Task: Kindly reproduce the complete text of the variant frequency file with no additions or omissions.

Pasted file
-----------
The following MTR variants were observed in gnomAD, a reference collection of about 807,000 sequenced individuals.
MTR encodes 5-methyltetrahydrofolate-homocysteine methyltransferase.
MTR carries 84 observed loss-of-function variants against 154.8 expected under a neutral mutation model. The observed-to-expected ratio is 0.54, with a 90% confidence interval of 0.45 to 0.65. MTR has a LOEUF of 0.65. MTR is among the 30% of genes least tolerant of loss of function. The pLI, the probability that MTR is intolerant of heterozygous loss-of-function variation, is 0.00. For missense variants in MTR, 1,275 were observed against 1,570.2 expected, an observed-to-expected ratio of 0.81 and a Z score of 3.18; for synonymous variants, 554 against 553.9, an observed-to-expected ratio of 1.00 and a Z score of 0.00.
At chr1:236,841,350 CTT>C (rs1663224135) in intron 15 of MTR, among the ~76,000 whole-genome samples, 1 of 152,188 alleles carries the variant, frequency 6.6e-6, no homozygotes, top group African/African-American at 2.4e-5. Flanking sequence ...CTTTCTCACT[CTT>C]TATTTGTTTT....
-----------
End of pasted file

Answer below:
The following MTR variants were observed in gnomAD, a reference collection of about 807,000 sequenced individuals.
MTR encodes 5-methyltetrahydrofolate-homocysteine methyltransferase.
MTR carries 84 observed loss-of-function variants against 154.8 expected under a neutral mutation model. The observed-to-expected ratio is 0.54, with a 90% confidence interval of 0.45 to 0.65. MTR has a LOEUF of 0.65. MTR is among the 30% of genes least tolerant of loss of function. The pLI, the probability that MTR is intolerant of heterozygous loss-of-function variation, is 0.00. For missense variants in MTR, 1,275 were observed against 1,570.2 expected, an observed-to-expected ratio of 0.81 and a Z score of 3.18; for synonymous variants, 554 against 553.9, an observed-to-expected ratio of 1.00 and a Z score of 0.00.
At chr1:236,841,350 CTT>C (rs1663224135) in intron 15 of MTR, among the ~76,000 whole-genome samples, 1 of 152,188 alleles carries the variant, frequency 6.6e-6, no homozygotes, top group African/African-American at 2.4e-5. Flanking sequence ...CTTTCTCACT[CTT>C]TATTTGTTTT....